II. Standard of Review
“We review de novo the district court's decision to reverse the [Commissioner], applying the same standards as those employed by the district court.” Nguyen v. Shalala, 43 F.3d 1400, 1402 (10th Cir.1994).
We are limited to determining whether the ALJ's decision is substantially supported in the record. We have defined “substantial evidence” as more than a scintilla. It is such relevant evidence as a reasonable mind might accept as adequate to support a conclusion.
In reviewing the record to make the substantial evidence determination, we may not reweigh the evidence nor substitute our judgment for the [Commissioner's]․ We note, however, that the failure to apply proper legal standards may, under the appropriate circumstances, be sufficient grounds for reversal independent of the substantial evidence analysis.
Glass v. Shalala, 43 F.3d 1392, 1395 (10th Cir.1994) (citations and internal quotation marks omitted).
The Commissioner contends that the ALJ reasonably evaluated Ms. Hendron's credibility and properly formulated her RFC, and that the ALJ's decision is supported by substantial evidence on the record as a whole. The Commissioner also maintains that remand for further development of the record is unnecessary and likely would be futile. Ms. Hendron counters that the ALJ did not support the RFC determination with a narrative statement explaining how the medical and non-medical evidence sustained a conclusion that she could perform a full range of sedentary work. She argues that, as a result, the ALJ's decision is not supported by substantial evidence. Ms. Hendron also contends that the RFC is not in the proper form and that the district court did not err in remanding the case for further development of the record.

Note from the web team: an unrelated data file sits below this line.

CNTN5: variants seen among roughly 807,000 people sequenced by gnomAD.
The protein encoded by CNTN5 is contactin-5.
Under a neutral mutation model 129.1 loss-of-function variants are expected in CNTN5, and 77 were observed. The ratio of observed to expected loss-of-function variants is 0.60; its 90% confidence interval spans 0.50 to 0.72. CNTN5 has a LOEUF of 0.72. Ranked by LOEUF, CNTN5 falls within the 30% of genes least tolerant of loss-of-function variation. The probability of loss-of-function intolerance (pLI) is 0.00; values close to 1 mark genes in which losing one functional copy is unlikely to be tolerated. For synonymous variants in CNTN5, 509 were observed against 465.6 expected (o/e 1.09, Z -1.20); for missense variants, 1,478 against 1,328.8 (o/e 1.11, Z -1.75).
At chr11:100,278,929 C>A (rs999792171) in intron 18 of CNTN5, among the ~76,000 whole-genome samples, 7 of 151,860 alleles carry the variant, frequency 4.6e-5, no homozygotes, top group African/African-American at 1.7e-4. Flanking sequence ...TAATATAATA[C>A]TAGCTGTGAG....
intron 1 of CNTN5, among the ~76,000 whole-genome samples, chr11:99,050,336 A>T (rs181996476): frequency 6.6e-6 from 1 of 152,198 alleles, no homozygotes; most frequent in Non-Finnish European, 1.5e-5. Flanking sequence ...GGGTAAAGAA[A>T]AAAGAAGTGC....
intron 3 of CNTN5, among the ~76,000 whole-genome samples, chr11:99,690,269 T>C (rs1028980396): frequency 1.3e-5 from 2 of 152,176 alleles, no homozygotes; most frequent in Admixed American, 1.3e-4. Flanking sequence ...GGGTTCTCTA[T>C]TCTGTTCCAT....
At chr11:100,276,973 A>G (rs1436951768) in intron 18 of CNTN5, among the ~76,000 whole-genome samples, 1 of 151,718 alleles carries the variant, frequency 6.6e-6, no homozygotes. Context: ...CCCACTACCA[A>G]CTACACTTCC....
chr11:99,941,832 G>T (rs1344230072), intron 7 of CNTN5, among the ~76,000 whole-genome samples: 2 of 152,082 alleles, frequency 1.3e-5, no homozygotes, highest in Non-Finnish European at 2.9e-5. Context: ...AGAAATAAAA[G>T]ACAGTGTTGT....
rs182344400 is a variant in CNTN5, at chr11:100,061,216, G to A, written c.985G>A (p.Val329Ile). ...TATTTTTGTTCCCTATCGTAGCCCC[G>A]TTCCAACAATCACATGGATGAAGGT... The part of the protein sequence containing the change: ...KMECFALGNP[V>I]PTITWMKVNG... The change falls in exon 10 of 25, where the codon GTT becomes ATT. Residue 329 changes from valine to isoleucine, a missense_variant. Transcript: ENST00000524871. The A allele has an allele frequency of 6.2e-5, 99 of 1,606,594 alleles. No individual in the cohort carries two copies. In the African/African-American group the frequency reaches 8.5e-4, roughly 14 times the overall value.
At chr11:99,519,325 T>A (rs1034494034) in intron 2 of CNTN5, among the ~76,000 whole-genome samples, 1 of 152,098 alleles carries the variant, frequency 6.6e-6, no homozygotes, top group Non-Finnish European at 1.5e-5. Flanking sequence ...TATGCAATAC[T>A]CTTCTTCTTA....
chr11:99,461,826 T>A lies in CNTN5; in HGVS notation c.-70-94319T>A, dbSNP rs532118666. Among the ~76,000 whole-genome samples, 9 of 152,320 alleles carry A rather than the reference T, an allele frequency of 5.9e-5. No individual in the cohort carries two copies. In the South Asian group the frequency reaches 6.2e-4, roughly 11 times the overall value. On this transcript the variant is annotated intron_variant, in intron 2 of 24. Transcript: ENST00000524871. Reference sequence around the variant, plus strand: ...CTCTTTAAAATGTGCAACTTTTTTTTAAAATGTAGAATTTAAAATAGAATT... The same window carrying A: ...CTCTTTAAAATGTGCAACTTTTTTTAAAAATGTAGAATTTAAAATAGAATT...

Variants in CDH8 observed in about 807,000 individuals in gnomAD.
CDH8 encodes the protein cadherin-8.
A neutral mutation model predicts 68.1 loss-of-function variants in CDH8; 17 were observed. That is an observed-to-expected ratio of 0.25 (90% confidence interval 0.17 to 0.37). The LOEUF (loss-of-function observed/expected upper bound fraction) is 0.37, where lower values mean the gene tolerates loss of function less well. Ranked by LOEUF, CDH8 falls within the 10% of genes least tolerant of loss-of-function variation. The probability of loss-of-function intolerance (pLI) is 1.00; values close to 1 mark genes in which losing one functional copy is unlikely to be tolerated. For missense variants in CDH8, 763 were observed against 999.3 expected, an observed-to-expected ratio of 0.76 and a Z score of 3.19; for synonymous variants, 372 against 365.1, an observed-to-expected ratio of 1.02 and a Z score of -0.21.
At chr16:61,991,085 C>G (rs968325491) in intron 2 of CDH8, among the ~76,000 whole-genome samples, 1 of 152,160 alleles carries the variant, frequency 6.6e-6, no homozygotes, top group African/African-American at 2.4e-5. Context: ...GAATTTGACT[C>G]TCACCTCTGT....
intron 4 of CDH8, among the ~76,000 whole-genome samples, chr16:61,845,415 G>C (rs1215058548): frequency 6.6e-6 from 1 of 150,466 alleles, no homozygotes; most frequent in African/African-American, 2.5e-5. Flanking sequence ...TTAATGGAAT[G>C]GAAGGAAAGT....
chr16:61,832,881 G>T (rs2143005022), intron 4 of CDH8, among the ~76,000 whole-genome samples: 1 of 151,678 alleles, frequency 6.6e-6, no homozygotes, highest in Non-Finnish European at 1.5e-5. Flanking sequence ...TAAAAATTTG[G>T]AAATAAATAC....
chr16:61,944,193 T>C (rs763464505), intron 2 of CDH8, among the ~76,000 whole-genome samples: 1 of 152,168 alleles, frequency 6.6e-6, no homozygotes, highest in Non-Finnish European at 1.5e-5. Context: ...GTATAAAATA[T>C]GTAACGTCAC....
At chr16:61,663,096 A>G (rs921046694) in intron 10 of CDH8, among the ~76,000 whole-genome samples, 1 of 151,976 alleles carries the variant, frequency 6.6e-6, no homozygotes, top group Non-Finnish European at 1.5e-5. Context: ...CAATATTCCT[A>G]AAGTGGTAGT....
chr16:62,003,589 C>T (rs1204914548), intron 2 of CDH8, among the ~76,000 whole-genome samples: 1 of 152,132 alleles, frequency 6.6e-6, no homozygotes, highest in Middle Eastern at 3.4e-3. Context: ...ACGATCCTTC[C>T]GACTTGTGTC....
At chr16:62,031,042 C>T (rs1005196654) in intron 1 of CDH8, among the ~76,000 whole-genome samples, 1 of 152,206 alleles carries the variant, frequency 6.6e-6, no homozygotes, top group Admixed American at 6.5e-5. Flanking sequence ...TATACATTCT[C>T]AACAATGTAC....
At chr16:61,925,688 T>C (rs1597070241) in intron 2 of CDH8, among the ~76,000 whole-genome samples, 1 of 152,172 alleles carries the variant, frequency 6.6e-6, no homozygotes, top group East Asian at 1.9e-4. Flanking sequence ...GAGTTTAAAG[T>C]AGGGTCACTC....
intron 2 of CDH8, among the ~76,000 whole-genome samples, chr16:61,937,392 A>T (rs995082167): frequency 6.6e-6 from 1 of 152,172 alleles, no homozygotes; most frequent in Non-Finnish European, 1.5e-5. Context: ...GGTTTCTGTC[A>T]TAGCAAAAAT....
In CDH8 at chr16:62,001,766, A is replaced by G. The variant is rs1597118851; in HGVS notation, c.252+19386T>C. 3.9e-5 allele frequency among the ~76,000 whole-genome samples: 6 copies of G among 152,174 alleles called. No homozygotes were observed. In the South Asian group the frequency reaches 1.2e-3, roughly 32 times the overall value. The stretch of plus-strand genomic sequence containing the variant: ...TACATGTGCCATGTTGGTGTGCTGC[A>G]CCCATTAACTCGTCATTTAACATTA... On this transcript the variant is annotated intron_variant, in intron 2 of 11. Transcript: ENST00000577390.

A. ALJ's Narrative Statement and Substantial Evidence
“The RFC assessment must include a narrative discussion describing how the evidence supports each conclusion, citing specific medical facts (e.g., laboratory findings) and nonmedical evidence (e.g., daily activities, observations).” Social Security Ruling (SSR) 96–8p, 1996 WL 374184, at *7 (S.S.A. July 2, 1996). We agree with the Commissioner that the ALJ's RFC determination is supported by a proper narrative statement, as well as substantial evidence.